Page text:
Sharp so our investors own a percentage of the LLC we create a new LLC for every purchase period, a small fund for every purchase. So if you own 10% the LLC you get 10% of cash flow 10% tax depreciations at the end of the year, and then we refinance the building, you know, we buy cheap and forced value into it and get better cash flow out of the building, we get our expenses down, figure out more ways to make income on the property when we go to refinance after about four to five years of doing that. And now the building appraises for much higher value. So we pull out a 70% loan to value amount 70% of the property value, not too much a safe amount but a higher amount of debt. We pay off our old debt. So there’s cash left over from the cash out refinance. And then we split that up amongst the investors. So there’s $500,000 left over from a cash out refinance will 10% of the LLC get $50,000 that day, at the refinance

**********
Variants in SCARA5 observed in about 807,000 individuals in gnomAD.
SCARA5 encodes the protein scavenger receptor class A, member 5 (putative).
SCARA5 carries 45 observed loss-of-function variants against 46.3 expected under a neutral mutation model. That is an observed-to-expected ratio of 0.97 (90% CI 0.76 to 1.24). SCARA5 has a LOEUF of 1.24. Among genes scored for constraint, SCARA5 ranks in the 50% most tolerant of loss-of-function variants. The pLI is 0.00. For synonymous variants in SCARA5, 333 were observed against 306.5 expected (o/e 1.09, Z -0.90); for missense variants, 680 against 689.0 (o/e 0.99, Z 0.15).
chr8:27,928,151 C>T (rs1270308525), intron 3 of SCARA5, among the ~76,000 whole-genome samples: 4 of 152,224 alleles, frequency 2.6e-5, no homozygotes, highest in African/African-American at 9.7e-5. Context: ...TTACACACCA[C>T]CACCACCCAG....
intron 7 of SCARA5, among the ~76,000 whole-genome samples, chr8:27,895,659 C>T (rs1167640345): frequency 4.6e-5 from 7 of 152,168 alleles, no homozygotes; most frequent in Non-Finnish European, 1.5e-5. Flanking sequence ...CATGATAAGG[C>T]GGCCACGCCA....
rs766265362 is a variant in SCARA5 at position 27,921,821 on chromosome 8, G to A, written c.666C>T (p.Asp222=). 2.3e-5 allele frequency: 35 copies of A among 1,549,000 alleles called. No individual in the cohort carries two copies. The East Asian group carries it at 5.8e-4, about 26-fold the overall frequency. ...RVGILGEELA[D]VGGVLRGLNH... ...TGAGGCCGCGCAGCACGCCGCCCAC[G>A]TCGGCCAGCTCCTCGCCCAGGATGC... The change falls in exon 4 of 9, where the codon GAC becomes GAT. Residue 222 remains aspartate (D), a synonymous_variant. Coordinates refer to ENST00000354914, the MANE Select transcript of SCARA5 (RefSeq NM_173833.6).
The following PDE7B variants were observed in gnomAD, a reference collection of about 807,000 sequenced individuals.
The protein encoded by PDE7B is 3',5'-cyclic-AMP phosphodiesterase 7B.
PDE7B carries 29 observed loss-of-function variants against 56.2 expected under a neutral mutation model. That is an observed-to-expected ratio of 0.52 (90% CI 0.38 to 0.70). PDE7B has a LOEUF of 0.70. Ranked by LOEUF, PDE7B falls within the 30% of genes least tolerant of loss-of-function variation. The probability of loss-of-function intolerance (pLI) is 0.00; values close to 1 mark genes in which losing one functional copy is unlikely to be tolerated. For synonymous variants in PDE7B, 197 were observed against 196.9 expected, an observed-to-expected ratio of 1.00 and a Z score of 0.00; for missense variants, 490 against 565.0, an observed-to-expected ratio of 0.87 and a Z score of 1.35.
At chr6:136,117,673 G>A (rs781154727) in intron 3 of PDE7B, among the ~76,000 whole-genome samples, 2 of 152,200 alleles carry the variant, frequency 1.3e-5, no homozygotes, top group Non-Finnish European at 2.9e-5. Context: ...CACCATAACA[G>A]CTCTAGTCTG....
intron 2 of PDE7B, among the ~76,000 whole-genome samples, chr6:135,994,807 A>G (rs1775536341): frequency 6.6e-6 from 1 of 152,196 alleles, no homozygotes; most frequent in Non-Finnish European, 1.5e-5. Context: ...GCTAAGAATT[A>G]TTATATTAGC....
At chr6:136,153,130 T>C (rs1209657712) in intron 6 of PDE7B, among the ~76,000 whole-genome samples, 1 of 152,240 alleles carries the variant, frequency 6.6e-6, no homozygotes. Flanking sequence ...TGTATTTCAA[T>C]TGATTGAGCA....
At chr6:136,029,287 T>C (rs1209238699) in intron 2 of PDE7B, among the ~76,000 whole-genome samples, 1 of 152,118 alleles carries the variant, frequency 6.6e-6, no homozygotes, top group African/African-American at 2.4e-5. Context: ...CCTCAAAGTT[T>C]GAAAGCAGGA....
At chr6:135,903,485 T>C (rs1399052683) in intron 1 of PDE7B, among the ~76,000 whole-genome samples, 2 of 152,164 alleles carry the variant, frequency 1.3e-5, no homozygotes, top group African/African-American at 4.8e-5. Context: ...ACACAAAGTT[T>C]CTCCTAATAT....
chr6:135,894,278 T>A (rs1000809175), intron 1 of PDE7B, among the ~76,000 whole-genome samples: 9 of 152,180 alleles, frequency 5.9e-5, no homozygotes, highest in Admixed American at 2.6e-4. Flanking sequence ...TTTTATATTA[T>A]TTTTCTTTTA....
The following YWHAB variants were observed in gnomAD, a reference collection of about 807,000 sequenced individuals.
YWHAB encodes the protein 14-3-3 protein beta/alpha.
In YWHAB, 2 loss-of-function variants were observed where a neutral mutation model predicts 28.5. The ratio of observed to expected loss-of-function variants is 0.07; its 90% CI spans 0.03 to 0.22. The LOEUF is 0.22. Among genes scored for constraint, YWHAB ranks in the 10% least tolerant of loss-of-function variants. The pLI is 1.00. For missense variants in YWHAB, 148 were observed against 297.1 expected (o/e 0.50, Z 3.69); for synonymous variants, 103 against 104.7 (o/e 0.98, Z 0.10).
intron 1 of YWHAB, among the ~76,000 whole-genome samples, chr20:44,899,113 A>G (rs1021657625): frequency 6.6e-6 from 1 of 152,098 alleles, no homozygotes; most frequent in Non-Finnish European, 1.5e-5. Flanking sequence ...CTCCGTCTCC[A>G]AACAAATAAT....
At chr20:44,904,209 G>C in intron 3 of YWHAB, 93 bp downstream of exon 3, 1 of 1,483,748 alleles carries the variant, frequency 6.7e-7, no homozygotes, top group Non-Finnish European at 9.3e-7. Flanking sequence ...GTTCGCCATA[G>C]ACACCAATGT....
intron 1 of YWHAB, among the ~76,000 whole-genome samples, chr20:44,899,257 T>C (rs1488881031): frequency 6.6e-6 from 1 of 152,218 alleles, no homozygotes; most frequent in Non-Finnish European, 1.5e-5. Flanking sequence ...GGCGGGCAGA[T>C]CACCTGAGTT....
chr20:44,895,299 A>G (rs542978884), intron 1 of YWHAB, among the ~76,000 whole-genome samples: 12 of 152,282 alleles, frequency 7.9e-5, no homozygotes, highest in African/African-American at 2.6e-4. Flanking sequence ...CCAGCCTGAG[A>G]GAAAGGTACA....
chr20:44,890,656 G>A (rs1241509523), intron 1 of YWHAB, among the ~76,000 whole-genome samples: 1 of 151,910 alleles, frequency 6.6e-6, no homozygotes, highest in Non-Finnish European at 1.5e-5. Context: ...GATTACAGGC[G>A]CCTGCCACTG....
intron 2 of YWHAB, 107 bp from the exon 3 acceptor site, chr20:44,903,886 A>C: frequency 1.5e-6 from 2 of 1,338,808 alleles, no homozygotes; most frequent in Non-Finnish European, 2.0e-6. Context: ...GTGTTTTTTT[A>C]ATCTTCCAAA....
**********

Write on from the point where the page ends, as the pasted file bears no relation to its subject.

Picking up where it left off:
Charles
Nice when you’re speaking to new investors, and I imagine you do this as being a real estate agent, as well as just working in General networking, what advice would you give to new investors? Maybe they haven’t started avoid mistakes you made, of course. But what other things would you say?

Aaron